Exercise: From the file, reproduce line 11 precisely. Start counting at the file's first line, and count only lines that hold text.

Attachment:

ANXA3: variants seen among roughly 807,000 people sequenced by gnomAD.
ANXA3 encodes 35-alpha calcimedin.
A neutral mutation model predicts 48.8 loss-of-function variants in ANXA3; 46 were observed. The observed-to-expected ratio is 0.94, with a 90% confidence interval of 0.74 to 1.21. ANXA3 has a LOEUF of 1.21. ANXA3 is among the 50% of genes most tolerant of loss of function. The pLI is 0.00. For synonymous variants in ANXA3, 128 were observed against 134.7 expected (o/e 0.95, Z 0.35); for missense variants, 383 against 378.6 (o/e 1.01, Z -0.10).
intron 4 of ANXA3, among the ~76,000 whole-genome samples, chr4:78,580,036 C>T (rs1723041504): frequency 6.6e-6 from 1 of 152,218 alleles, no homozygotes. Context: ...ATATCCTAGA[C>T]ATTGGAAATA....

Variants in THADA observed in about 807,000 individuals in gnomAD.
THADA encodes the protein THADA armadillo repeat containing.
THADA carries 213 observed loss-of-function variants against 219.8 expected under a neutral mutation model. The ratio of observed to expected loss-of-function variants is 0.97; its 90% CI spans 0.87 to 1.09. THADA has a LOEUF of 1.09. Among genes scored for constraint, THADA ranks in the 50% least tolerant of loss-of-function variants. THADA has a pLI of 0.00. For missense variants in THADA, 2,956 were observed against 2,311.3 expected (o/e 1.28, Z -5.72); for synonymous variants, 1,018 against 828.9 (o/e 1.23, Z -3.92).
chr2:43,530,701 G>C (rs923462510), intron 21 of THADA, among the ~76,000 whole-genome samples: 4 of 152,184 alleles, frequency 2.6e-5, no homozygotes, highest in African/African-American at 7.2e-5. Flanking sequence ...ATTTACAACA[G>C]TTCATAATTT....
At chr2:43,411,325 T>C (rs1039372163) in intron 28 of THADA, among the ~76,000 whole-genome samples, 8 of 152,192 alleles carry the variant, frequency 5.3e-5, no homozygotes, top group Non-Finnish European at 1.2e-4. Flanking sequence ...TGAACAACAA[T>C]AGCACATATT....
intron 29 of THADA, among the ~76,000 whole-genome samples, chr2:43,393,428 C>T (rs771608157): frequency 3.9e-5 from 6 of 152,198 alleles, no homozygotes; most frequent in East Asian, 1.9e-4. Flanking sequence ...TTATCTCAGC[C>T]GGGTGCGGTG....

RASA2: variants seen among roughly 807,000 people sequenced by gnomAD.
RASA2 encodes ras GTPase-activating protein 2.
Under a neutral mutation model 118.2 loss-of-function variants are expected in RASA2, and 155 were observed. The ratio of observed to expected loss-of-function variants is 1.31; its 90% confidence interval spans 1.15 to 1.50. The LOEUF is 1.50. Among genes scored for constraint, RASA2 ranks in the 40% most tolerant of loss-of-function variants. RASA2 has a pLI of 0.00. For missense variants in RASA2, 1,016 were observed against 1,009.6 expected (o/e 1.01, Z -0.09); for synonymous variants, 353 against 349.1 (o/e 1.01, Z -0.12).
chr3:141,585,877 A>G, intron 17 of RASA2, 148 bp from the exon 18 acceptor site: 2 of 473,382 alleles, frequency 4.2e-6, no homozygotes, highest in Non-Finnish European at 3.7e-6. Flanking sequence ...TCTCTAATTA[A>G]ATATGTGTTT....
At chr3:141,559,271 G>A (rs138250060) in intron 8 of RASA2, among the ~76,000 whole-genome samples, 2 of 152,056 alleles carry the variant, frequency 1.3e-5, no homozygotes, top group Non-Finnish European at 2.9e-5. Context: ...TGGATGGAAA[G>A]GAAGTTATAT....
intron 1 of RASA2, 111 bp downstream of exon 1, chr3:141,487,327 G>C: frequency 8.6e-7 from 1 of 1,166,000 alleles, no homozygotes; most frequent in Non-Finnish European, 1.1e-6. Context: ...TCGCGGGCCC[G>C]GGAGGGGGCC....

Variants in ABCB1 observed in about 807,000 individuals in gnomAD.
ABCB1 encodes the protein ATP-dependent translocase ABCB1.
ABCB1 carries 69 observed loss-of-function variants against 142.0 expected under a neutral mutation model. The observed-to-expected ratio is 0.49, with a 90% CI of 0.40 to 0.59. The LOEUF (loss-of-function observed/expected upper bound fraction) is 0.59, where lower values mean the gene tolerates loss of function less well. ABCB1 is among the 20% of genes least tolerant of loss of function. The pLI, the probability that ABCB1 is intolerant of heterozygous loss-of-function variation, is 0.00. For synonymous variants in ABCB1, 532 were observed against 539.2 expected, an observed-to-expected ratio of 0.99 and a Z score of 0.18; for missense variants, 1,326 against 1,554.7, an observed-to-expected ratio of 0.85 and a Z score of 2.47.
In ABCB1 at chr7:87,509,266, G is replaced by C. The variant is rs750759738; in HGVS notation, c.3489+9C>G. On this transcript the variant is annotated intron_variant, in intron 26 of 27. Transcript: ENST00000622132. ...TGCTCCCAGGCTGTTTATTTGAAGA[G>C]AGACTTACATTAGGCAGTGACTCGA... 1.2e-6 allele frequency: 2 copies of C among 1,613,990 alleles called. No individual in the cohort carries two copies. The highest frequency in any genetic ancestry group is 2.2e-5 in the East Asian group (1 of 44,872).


RASA2: variants seen among roughly 807,000 people sequenced by gnomAD.